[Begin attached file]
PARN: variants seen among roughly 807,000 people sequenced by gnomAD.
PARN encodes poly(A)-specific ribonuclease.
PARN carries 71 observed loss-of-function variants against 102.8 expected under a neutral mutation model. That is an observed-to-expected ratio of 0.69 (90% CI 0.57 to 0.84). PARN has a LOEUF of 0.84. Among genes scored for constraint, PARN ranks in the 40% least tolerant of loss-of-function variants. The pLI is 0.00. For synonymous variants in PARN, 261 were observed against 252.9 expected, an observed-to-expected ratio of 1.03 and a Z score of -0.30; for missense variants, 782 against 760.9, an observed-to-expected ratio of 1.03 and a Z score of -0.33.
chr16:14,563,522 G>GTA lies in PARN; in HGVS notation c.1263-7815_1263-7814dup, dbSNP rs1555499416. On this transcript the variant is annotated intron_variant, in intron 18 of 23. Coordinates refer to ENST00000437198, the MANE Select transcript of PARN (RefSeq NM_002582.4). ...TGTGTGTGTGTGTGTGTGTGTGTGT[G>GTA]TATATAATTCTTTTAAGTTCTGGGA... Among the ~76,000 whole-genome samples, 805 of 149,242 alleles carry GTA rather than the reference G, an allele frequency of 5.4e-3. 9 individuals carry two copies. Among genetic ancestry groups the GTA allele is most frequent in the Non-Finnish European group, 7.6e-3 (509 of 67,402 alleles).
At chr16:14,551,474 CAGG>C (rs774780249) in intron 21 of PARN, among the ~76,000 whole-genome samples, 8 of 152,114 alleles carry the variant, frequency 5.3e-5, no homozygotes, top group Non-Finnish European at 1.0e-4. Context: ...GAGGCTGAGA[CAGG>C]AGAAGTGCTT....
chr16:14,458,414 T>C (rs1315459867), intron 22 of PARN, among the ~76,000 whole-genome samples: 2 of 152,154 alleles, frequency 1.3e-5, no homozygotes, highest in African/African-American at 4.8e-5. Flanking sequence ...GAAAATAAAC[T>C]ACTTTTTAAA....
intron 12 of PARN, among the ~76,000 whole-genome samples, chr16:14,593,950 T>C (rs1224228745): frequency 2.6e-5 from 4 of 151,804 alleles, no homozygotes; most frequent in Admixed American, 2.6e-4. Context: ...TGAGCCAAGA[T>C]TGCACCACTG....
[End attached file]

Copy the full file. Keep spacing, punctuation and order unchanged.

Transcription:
PARN: variants seen among roughly 807,000 people sequenced by gnomAD.
PARN encodes poly(A)-specific ribonuclease.
PARN carries 71 observed loss-of-function variants against 102.8 expected under a neutral mutation model. That is an observed-to-expected ratio of 0.69 (90% CI 0.57 to 0.84). PARN has a LOEUF of 0.84. Among genes scored for constraint, PARN ranks in the 40% least tolerant of loss-of-function variants. The pLI is 0.00. For synonymous variants in PARN, 261 were observed against 252.9 expected, an observed-to-expected ratio of 1.03 and a Z score of -0.30; for missense variants, 782 against 760.9, an observed-to-expected ratio of 1.03 and a Z score of -0.33.
chr16:14,563,522 G>GTA lies in PARN; in HGVS notation c.1263-7815_1263-7814dup, dbSNP rs1555499416. On this transcript the variant is annotated intron_variant, in intron 18 of 23. Coordinates refer to ENST00000437198, the MANE Select transcript of PARN (RefSeq NM_002582.4). ...TGTGTGTGTGTGTGTGTGTGTGTGT[G>GTA]TATATAATTCTTTTAAGTTCTGGGA... Among the ~76,000 whole-genome samples, 805 of 149,242 alleles carry GTA rather than the reference G, an allele frequency of 5.4e-3. 9 individuals carry two copies. Among genetic ancestry groups the GTA allele is most frequent in the Non-Finnish European group, 7.6e-3 (509 of 67,402 alleles).
At chr16:14,551,474 CAGG>C (rs774780249) in intron 21 of PARN, among the ~76,000 whole-genome samples, 8 of 152,114 alleles carry the variant, frequency 5.3e-5, no homozygotes, top group Non-Finnish European at 1.0e-4. Context: ...GAGGCTGAGA[CAGG>C]AGAAGTGCTT....
chr16:14,458,414 T>C (rs1315459867), intron 22 of PARN, among the ~76,000 whole-genome samples: 2 of 152,154 alleles, frequency 1.3e-5, no homozygotes, highest in African/African-American at 4.8e-5. Flanking sequence ...GAAAATAAAC[T>C]ACTTTTTAAA....
intron 12 of PARN, among the ~76,000 whole-genome samples, chr16:14,593,950 T>C (rs1224228745): frequency 2.6e-5 from 4 of 151,804 alleles, no homozygotes; most frequent in Admixed American, 2.6e-4. Context: ...TGAGCCAAGA[T>C]TGCACCACTG....